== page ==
Diversity, equity, and inclusion, and I also add belonging, in the workforce (DEI) is a challenge that is long overdue to be addressed across all employment sectors in this country. The non-profit sector has always been, and I believe always will be, the leader in “people first” thinking when it comes to business practices and will therefore be the pioneers in this shift in hiring practices. Pursuing greater diversity and inclusion in our organizations is not something we do simply because it is “right” — although that’s a good enough reason — we do it because it is better for creativity, productivity, and the happiness, well-being, and long-term retention of our staff. It also helps meet the needs of our clientele.
Nonprofits are perfectly positioned to be progressive cornerstones in the movement to greater inclusion and diversity in the workplace, and we are excited to be helping to move the needle forward!
While there are about a zillion articles on how to improve your diversity and inclusion practices, very little is said about how to implement DEI when you are running an organization with three people, all of whom have been with you for years, and let’s be honest, are most likely not representing a diverse community. Many organizations are just too small to see themselves in the solutions being offered. While small organizations are tasked with making the same advancements, the feasibility of using the same strategies is an impossibility. One simply cannot work the same way with 3 people that they do with 300 or 3000.
So, how do you begin to move the needle forward? Start with Three Steps!
Step 1: Work together with your current team to create a diversity plan for hiring, even if you aren’t hiring for the foreseeable future. Evaluate your hiring practices (Where do you advertise? What are your employment requirements? etc.) If you currently have no diverse representation in your staff, understand the necessity of bringing diverse voices to the table if you want to make meaningful change. Remember, change without representation by the people that it impacts does not speak to the idea of INCLUSION. Don’t know where to start? Reach out to other organizations that have more diversity on their teams to see what has worked for them. Figure out what you don’t know! Realize that the smaller your organization, the fewer perspectives you have in the conversation, and reach out to a consultant for help so that you can bring in a wider range of opinions and perspectives to your plan. Need help finding a consultant, email me, I can help! Lastly, be ready to update your plan as you grow your understanding and perspectives. These plans must be living documents that should always be updated to reflect elevated views.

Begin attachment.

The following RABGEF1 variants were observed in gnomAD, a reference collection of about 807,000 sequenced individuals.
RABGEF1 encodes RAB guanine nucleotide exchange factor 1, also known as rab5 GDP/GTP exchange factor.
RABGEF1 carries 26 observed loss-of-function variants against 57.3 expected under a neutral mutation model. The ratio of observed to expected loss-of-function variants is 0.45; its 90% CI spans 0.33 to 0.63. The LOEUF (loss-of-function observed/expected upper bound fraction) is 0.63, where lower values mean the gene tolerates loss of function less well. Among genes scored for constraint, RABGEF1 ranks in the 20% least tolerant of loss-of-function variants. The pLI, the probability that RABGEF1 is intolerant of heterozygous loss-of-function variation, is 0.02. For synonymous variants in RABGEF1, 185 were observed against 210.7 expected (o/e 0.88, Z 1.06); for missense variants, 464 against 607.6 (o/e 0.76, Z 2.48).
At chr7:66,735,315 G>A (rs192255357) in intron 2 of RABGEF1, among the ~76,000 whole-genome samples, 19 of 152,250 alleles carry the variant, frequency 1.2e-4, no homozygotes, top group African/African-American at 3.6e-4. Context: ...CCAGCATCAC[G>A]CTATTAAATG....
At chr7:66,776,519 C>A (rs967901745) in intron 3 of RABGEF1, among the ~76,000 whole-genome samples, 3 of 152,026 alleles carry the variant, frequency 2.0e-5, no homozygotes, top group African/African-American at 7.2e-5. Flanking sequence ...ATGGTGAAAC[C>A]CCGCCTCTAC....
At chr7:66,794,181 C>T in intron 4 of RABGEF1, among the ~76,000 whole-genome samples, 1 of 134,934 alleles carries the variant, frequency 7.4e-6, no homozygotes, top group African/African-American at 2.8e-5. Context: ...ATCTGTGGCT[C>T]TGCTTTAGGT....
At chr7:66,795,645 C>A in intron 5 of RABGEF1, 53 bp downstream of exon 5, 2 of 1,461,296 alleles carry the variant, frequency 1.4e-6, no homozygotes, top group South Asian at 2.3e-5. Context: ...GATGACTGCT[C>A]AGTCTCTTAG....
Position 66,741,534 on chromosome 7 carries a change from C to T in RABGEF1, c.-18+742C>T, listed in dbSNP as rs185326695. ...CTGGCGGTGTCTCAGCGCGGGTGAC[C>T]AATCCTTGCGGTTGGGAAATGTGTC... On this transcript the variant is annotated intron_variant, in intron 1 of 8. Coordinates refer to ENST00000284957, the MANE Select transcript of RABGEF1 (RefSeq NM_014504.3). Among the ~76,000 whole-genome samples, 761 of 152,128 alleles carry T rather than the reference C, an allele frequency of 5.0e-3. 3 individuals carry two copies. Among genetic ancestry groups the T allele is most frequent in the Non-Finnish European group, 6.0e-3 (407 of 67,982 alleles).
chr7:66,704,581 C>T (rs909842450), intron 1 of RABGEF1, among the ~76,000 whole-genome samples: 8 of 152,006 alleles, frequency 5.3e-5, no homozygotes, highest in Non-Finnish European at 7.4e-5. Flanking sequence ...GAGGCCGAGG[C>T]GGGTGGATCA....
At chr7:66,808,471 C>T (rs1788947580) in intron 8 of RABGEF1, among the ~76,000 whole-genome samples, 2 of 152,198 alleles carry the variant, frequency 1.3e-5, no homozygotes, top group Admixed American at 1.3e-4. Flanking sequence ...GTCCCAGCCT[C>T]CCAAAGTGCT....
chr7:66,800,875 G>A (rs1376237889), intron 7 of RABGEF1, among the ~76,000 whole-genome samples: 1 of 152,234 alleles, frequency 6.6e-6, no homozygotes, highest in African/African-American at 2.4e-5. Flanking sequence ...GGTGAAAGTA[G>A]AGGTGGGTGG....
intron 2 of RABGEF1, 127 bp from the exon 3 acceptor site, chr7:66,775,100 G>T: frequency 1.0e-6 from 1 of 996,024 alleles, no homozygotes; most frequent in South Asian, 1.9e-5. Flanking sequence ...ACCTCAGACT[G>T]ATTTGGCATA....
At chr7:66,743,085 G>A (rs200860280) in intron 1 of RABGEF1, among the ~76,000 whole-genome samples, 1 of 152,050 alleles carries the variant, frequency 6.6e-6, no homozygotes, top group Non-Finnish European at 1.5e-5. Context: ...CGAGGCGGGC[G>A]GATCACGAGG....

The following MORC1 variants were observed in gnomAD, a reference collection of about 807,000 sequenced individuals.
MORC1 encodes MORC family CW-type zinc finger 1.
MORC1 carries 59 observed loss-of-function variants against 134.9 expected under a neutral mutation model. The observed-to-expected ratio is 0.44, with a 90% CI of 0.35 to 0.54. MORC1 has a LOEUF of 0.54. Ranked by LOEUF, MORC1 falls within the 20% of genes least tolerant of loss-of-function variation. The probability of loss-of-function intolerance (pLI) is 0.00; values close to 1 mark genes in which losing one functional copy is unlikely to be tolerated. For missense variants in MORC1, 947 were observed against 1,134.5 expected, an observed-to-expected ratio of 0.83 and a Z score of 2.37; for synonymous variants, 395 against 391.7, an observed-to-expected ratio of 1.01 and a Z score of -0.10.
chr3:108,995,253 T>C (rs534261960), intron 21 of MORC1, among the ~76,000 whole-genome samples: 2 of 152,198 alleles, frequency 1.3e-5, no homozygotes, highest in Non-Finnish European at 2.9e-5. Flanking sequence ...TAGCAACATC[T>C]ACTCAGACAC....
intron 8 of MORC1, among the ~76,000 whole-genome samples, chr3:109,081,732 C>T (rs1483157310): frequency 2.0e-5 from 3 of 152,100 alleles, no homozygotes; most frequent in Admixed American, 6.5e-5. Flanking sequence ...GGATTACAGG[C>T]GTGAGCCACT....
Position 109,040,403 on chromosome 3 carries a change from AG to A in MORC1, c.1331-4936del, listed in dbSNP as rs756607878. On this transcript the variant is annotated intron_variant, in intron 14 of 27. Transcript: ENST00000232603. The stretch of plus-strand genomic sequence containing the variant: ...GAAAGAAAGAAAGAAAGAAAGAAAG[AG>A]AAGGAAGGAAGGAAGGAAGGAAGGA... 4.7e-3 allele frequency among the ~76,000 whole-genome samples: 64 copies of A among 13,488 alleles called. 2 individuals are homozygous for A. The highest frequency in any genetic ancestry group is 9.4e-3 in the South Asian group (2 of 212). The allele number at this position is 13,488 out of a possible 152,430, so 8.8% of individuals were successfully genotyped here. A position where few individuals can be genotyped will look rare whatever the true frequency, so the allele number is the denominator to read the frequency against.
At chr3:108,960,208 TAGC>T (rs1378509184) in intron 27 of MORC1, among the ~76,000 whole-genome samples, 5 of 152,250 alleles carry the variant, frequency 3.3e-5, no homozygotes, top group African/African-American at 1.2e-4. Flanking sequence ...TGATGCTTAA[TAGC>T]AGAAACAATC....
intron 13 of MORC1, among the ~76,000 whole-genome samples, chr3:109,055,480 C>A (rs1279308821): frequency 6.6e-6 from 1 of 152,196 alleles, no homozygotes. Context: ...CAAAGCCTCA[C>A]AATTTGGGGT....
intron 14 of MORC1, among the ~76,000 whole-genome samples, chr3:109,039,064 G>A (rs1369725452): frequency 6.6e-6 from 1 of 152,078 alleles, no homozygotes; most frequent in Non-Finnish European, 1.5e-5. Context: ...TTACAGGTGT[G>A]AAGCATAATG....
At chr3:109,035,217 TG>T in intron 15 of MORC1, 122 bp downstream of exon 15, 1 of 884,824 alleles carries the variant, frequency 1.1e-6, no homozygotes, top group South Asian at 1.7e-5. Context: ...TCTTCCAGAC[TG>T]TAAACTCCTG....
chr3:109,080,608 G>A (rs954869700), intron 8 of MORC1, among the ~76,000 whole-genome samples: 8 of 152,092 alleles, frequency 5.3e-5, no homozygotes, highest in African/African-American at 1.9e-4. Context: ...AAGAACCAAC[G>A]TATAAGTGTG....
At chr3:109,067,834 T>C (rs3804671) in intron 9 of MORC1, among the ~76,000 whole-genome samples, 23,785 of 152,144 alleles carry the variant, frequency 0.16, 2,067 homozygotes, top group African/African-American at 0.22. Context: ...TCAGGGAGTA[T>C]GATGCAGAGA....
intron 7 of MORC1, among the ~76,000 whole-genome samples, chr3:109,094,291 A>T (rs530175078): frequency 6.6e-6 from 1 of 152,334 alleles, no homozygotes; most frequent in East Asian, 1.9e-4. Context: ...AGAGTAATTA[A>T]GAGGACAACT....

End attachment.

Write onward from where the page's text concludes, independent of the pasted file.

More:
Step 2: Find other opportunities to reflect DEI in your organizational structure. If you are an organization with a reputation for staff retention, that is a very good thing, but your staff are NOT the only people who are part of your organization. Your board of directors is a key component in creating a culture of DEI in your organization and one that is, in some ways, easier to work on than the staff. Your board members change more frequently and usually outnumber your staff, giving you more frequent opportunities to fill roles with diverse participants. By committing to working on board development through a DEI lens, you are creating a support system for Step 1 by bringing more lived perspectives in to inform the future of your diversity plan for hiring. Additionally, an organization with a diverse board shows prospective employees that there is a place for them at all levels of the organization. Diversity begets diversity! Feeling welcome is the first step to feeling like you belong.